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Miami Injury Lawyer > Blog > Motorcycle Accidents > Who to Sue for a Motorcycle Accident Injury

Who to Sue for a Motorcycle Accident Injury


Motorcycles represent freedom and the open road in America, and offer a unique perspective of touring the country if a person is so inclined. For all the strictures of society a motorcycle metaphorically shrugs off, they unfortunately also expose riders to a high risk of serious injury in case of an accident. Motorcycle accidents rarely result in significant injury for the occupants in a car or truck, but can be deadly or permanently disabling for a motorcycle rider. While fairness dictates the driver of the vehicle is at fault for an accident, the reality is not so simple. All drivers on the road, including motorcyclists, have a responsibility and legal duty to operate their vehicle and bike prudently and reasonably to reduce the likelihood of an accident. When a driver deviates from this standard and an accident occurs, the law says he/she may be liable for any injuries that result. Many people have a negative bias against motorcyclists as irresponsible daredevils, which can complicate convincing a jury or judge the cyclist does not hold most or all of the fault. However, a personal injury attorney experienced in motorcycle accidents can overcome these prejudices, and help motorcycle accident victims get the compensation they deserve. A jury recently awarded a motorcyclist injured in an accident by a vehicle reversing at a stop sign in South Florida over $375,000 in damages. A discussion of issues that are common in motorcycle accident personal injury cases will follow below.


Studies have shown that wearing a helmet reduces the likelihood of a head injury for a cyclist in an accident. A rider’s compliance with state helmet laws can affect his/her ability to recover in an accident, including the types of injuries suffered. Florida does have a helmet law that requires all riders under the age of 21 to wear a helmet while operating a bike. However, it excuses riders over the age of 21 from wearing a helmet if they have an insurance policy with at least $10,000 in medical benefits for accidents. Thus, riders over 21 can opt to not wear a helmet, but even though helmets are not required, if a head or neck injury occurs when a rider was not wearing one, judges and juries are likely to view this as at least partially the fault of the rider, which reduces damages according to the amount of fault attributed to the motorcyclist. This is due to the well-documented connection between helmet use and head injury prevention. If no head injury occurred, the presence or absence of a helmet is irrelevant.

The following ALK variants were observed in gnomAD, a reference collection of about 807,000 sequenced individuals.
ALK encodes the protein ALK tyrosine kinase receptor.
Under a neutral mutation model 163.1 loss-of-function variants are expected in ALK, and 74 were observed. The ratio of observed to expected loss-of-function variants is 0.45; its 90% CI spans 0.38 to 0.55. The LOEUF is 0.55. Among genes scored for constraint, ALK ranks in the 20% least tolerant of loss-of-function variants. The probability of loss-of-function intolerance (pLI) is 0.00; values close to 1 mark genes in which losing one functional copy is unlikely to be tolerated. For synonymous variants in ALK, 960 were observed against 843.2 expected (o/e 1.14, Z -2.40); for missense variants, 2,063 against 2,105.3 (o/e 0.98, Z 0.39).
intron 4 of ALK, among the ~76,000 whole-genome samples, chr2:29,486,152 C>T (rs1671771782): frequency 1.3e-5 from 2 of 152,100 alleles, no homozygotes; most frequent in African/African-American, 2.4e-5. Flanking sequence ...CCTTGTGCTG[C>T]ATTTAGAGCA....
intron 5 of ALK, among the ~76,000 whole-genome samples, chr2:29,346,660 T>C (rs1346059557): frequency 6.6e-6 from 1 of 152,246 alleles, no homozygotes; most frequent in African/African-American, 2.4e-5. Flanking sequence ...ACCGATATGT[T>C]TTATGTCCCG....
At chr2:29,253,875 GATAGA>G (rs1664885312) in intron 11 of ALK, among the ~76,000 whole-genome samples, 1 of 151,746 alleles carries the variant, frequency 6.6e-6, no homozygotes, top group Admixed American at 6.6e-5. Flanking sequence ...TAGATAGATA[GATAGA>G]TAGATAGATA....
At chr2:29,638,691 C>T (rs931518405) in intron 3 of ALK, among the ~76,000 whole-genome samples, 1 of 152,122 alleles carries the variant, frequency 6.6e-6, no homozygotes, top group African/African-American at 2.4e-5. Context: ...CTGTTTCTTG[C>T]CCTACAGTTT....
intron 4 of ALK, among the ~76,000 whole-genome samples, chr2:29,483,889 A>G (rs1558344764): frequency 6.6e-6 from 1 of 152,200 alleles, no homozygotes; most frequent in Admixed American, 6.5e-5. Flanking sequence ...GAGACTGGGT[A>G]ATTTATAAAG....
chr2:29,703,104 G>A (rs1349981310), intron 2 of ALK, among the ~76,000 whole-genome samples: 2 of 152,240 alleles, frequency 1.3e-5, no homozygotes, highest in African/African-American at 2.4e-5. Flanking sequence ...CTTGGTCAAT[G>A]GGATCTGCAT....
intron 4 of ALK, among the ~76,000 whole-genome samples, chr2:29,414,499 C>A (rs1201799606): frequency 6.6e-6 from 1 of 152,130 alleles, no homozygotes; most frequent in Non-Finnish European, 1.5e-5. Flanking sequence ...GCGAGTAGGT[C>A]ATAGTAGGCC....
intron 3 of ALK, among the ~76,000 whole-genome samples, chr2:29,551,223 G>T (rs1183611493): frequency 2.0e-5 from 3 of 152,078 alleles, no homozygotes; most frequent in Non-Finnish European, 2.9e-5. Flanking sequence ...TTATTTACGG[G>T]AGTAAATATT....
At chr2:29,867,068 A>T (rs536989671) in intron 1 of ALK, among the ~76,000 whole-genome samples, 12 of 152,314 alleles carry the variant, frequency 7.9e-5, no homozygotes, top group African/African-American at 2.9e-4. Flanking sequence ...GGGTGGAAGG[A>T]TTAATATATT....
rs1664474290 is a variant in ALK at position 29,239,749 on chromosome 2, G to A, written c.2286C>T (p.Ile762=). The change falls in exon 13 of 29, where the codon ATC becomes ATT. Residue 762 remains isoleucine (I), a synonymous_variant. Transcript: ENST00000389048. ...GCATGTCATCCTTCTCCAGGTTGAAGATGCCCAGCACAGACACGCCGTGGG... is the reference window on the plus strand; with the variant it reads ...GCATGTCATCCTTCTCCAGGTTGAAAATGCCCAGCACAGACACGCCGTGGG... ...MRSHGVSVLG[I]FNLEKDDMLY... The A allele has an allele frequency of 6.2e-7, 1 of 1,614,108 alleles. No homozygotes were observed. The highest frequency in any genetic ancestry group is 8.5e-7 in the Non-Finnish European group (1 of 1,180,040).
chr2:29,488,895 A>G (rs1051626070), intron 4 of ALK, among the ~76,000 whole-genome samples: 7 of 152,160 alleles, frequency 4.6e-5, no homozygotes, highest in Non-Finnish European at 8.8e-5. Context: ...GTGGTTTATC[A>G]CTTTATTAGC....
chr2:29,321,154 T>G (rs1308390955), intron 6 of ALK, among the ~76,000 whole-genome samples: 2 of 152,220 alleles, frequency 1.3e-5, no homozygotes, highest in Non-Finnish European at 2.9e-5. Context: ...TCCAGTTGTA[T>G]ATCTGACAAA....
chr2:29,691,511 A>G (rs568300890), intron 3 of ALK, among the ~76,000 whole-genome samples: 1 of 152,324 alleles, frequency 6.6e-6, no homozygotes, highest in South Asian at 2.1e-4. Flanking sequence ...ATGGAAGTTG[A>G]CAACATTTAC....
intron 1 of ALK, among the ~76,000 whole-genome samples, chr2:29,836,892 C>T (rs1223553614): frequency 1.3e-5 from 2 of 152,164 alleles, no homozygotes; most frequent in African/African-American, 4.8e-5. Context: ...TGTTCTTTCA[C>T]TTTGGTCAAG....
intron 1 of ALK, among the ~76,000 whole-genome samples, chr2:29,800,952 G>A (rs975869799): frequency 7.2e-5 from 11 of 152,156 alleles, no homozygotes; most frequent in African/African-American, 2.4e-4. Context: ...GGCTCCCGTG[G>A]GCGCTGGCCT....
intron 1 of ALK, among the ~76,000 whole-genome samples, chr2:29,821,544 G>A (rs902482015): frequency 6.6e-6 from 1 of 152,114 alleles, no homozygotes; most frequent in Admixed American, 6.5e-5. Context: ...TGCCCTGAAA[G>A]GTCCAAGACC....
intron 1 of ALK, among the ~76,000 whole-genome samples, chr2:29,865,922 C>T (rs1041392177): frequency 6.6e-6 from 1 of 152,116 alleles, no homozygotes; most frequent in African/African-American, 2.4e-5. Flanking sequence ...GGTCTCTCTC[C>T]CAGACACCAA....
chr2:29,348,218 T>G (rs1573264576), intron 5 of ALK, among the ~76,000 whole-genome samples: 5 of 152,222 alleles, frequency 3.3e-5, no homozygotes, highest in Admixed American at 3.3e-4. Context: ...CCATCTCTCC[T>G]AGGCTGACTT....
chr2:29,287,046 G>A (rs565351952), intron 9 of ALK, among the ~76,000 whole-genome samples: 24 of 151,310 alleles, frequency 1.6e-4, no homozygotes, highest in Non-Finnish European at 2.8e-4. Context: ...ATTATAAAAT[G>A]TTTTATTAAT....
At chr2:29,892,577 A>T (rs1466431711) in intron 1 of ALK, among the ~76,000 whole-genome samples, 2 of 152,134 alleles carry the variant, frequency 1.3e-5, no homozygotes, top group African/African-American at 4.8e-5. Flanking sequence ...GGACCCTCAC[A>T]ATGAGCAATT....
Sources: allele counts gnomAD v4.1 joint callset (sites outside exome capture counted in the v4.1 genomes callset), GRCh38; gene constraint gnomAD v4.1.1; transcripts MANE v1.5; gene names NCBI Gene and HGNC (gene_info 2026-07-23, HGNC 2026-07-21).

Lane-splitting, or riding between cars stopped or slowed in traffic, is a common method of driving for motorcyclists. However, only one state, California, recognizes this maneuver as legal. In Florida, lane-splitting is illegal, and commonly results in the motorcyclist bearing all the fault for an accident. However, if there is evidence another driver contributed to the accident, it may be possible to recover some compensation for injuries suffered. Judges and juries tend to view this behavior as reckless, so having an experienced personal injury attorney to argue that one unfortunate mistake does not automatically translate into complete responsibility for an accident is essential to obtaining compensation for an injured party.

Get Help

Being injured in an accident can permanently change a person’s life, and accident victims should not be forced to suffer such injuries alone or in silence. Talk to an experienced motorcycle accident personal injury attorney about the possibility of filing a claim to recover for your injuries, money you and your family needs to help heal from this experience. The Miami law firm of Pita Weber Del Prado knows how to convince juries about the need to hold irresponsible drivers accountable when they cause an accident, and is available to evaluate the facts of your case. Contact us for a free consultation.



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